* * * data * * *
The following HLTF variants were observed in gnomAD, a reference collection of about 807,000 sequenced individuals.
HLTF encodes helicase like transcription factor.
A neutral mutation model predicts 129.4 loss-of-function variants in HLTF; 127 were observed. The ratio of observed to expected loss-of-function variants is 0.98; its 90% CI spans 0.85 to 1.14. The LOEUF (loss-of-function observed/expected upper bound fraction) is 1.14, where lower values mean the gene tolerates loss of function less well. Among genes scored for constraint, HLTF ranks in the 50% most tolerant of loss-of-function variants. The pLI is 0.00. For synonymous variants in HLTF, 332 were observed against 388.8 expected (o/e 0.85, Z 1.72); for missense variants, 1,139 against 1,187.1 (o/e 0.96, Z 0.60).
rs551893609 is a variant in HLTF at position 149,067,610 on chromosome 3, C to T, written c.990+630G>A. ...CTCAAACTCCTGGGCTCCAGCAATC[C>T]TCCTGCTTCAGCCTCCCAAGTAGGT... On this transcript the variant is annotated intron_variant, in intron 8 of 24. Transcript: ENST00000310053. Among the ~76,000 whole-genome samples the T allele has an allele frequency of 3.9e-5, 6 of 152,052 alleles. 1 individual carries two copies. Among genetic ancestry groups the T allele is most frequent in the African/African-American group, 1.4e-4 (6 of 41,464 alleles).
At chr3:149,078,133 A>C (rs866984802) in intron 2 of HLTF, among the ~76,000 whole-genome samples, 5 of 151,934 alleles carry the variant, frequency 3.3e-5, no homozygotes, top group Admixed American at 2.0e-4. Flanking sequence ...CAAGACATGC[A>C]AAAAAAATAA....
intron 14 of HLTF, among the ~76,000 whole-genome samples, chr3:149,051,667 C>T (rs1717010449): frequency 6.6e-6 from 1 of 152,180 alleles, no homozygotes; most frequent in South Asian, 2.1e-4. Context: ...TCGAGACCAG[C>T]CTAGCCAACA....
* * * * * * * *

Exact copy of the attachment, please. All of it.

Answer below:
The following HLTF variants were observed in gnomAD, a reference collection of about 807,000 sequenced individuals.
HLTF encodes helicase like transcription factor.
A neutral mutation model predicts 129.4 loss-of-function variants in HLTF; 127 were observed. The ratio of observed to expected loss-of-function variants is 0.98; its 90% CI spans 0.85 to 1.14. The LOEUF (loss-of-function observed/expected upper bound fraction) is 1.14, where lower values mean the gene tolerates loss of function less well. Among genes scored for constraint, HLTF ranks in the 50% most tolerant of loss-of-function variants. The pLI is 0.00. For synonymous variants in HLTF, 332 were observed against 388.8 expected (o/e 0.85, Z 1.72); for missense variants, 1,139 against 1,187.1 (o/e 0.96, Z 0.60).
rs551893609 is a variant in HLTF at position 149,067,610 on chromosome 3, C to T, written c.990+630G>A. ...CTCAAACTCCTGGGCTCCAGCAATC[C>T]TCCTGCTTCAGCCTCCCAAGTAGGT... On this transcript the variant is annotated intron_variant, in intron 8 of 24. Transcript: ENST00000310053. Among the ~76,000 whole-genome samples the T allele has an allele frequency of 3.9e-5, 6 of 152,052 alleles. 1 individual carries two copies. Among genetic ancestry groups the T allele is most frequent in the African/African-American group, 1.4e-4 (6 of 41,464 alleles).
At chr3:149,078,133 A>C (rs866984802) in intron 2 of HLTF, among the ~76,000 whole-genome samples, 5 of 151,934 alleles carry the variant, frequency 3.3e-5, no homozygotes, top group Admixed American at 2.0e-4. Flanking sequence ...CAAGACATGC[A>C]AAAAAAATAA....
intron 14 of HLTF, among the ~76,000 whole-genome samples, chr3:149,051,667 C>T (rs1717010449): frequency 6.6e-6 from 1 of 152,180 alleles, no homozygotes; most frequent in South Asian, 2.1e-4. Context: ...TCGAGACCAG[C>T]CTAGCCAACA....